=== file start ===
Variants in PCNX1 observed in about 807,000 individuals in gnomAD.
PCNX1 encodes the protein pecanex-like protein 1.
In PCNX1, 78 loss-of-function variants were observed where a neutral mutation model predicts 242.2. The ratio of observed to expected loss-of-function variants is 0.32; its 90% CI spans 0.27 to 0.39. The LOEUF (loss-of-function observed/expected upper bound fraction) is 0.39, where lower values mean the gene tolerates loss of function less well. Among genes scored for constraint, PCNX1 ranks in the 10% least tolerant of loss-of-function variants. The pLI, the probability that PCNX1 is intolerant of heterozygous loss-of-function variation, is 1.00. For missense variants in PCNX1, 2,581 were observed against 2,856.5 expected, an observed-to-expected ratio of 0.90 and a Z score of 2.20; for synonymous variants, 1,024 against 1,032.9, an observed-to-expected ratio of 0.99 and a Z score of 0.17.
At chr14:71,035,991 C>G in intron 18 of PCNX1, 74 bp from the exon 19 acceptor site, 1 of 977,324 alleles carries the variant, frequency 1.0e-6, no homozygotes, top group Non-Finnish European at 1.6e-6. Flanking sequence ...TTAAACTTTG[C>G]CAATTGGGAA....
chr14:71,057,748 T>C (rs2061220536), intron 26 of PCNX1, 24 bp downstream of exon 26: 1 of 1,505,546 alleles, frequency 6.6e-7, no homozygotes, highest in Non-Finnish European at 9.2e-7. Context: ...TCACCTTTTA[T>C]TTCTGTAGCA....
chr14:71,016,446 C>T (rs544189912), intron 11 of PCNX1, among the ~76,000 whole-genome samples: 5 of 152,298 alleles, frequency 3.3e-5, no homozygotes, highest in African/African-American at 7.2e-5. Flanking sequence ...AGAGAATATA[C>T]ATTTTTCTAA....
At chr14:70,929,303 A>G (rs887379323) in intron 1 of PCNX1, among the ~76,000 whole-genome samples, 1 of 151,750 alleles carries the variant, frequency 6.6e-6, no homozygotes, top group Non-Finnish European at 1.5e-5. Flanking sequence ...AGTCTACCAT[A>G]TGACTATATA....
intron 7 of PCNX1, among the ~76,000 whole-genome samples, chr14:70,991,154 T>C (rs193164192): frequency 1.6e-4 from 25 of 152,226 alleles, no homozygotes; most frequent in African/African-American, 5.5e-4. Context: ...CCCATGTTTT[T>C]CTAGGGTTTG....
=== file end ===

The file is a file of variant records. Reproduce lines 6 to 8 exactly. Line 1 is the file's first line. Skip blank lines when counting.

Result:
chr14:71,016,446 C>T (rs544189912), intron 11 of PCNX1, among the ~76,000 whole-genome samples: 5 of 152,298 alleles, frequency 3.3e-5, no homozygotes, highest in African/African-American at 7.2e-5. Flanking sequence ...AGAGAATATA[C>T]ATTTTTCTAA....
At chr14:70,929,303 A>G (rs887379323) in intron 1 of PCNX1, among the ~76,000 whole-genome samples, 1 of 151,750 alleles carries the variant, frequency 6.6e-6, no homozygotes, top group Non-Finnish European at 1.5e-5. Flanking sequence ...AGTCTACCAT[A>G]TGACTATATA....
intron 7 of PCNX1, among the ~76,000 whole-genome samples, chr14:70,991,154 T>C (rs193164192): frequency 1.6e-4 from 25 of 152,226 alleles, no homozygotes; most frequent in African/African-American, 5.5e-4. Context: ...CCCATGTTTT[T>C]CTAGGGTTTG....